Tips to protect Fido from the freeze

FRESNO, Calif.

In the Valley when the weather changes from warm to cold almost overnight, it's easy to overlook the impact the cool conditions can have on your dogs and cats.

Just like the summer months, veterinarians warn against leaving animals in the car because instead of an oven, the car can act as a refrigerator, locking in the cold and causing them to freeze to death.

"This is Tria and she's like seven. We rescued her off the street. She was all matted and looked like she was in bad condition," said Chris Moses.

Now that the dog days of summer are finally gone and overnight temperatures in Fresno are flirting with a freeze, pet parents like Moses are taking extra steps to protect their furry family members, sometimes dressing them to the "canines."

"When we come to the park, we put a little jacket on this one. At home the dogs come inside at night, there's a doggie door and ours are well-trained so even our cat they come in and out and most of the time they're inside," she said.

Moses said she planned ahead for the current cold snap, but Valley veterinarians say it's easy for pet owners to be taken off guard by the sudden change in temperatures.

Doctor Chris Dobbins at Fresno Pet ER told Action News, small dogs, old dogs and puppies, even those with short coats, should be kept inside when the temperature drops below 40 degrees.

"The easiest and cheapest way to care for your animals is to just bring them inside," said Dobbins. "But if they have to stay outside, get something between them and the ground. Padding, thick beds like this from Costco. Any of the pet stores have these things pretty inexpensive."

He said doghouses should also be waterproof, free from drafts and elevated few inches off the ground to ward off some of the cold.

"Obviously if it's facing the wind, it's going to blow right inside and it's just like a big fan blowing the cold air inside so turn it around, place it in the sun or near the house with enough room for them to get in and out," added Dobbins.

It's also a good idea to use a tip-resistant, ceramic or hard plastic water bowl rather than a metal one, when the temperature is low, to prevent your dog's tongue from sticking to the side.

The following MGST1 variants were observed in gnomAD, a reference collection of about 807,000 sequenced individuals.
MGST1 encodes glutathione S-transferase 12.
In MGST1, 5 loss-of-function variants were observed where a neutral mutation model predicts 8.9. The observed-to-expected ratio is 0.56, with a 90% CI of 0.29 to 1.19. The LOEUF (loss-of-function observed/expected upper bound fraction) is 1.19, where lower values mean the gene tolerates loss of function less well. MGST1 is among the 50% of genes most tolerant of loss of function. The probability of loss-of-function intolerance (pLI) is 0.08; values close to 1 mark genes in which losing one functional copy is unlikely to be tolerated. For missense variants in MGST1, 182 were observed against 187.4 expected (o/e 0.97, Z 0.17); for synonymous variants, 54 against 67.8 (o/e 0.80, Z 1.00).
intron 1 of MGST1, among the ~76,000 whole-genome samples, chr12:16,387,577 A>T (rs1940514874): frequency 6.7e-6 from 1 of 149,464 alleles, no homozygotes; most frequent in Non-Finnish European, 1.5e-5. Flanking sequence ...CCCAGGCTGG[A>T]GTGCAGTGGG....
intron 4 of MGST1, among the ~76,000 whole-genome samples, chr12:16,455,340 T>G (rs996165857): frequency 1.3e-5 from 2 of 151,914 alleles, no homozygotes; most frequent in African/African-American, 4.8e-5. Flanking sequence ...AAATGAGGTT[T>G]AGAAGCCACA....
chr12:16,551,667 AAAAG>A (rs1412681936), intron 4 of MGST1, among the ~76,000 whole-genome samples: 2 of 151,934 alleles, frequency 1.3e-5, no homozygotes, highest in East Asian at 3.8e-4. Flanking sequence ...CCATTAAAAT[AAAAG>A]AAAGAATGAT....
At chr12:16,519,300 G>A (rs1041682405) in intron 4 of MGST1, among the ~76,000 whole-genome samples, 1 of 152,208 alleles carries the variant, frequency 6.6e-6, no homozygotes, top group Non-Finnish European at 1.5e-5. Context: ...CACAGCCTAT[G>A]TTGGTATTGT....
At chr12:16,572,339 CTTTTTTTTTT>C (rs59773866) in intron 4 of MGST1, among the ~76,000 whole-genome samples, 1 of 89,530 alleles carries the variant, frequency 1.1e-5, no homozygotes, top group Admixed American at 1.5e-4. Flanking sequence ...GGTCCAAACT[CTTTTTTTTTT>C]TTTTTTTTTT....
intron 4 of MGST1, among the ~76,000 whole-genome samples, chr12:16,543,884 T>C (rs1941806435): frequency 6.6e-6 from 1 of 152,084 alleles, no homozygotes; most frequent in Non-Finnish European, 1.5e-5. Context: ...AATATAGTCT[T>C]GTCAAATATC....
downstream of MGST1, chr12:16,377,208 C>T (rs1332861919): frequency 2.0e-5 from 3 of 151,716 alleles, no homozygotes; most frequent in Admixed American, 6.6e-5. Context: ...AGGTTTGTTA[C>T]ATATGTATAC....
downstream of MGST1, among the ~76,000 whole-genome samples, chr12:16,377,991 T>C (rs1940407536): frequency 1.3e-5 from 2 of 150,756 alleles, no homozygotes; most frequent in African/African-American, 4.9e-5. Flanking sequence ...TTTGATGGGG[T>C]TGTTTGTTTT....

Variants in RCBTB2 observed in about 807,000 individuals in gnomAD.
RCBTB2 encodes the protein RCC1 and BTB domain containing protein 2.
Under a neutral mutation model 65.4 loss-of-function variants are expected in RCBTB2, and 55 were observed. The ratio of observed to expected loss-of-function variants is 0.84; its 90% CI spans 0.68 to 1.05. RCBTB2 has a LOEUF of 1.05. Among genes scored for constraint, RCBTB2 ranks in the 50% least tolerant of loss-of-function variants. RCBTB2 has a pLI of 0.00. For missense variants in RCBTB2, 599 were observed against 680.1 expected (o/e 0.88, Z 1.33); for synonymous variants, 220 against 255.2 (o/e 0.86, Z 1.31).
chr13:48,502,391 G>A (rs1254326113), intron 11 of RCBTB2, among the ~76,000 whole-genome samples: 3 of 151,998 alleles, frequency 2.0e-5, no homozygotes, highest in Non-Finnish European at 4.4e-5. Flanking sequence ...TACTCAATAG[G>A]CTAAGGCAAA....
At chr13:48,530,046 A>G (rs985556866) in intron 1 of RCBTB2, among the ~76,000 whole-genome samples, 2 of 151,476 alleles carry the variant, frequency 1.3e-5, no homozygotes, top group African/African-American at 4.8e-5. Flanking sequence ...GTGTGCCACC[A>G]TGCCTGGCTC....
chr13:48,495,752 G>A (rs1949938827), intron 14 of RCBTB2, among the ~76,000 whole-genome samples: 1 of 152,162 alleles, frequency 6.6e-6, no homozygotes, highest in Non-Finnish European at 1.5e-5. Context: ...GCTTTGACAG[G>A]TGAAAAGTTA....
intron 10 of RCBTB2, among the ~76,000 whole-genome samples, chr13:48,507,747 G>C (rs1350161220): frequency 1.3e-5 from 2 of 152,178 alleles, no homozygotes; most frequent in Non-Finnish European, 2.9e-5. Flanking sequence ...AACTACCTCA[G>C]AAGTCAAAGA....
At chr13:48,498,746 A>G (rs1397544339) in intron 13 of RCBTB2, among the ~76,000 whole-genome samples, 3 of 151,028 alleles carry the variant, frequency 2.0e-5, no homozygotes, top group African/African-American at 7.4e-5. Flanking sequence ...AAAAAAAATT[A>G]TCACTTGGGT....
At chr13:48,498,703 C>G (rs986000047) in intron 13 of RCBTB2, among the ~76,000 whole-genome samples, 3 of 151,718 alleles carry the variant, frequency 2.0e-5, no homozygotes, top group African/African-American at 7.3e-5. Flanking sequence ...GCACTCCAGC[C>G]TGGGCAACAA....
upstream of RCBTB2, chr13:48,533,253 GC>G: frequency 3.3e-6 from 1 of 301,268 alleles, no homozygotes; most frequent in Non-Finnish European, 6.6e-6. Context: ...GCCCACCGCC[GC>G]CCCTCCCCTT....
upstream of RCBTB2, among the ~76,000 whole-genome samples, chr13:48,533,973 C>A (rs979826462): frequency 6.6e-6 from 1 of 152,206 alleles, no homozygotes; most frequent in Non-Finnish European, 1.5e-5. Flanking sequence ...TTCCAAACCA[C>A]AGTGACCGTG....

If you put your dog or cat in the garage, he said, make sure it's pet safe. Chemicals like Antifreeze can have a sweet taste and is attractive to animals, but it's also extremely toxic and can even cause death.

If you head to the snow, Dobbins suggests putting insulated booties on your pet's feet to protect it from frostbite.

The Central California Animal Disaster team also advises owners to thoroughly wipe off their dogs paws, legs and stomachs when they come in out of the sleet, snow or ice. Dogs can ingest salt and other potentially dangerous chemicals and their paw pads may also bleed from snow or encrusted ice.

Pets lose most of their body heat from the pads of their feet, noses and ears. You can put them in a sweater when they are with you; however experts say the best way to guard your animal from the cold is by keeping a close eye on them.

Never let your dog off leash on snow or ice, especially during a snowstorm. Dogs can lose their scent and easily become lost.

CCAD says more dogs are lost during the winter than during any other season, so make sure yours always wears ID tags or is mircrochipped for another layer of protection.

Lastly, if you have outdoor cats in your neighborhood, before you start your engine, knock on the hood or honk the horn. Cats often seek refuge near a warm car engine or tire.

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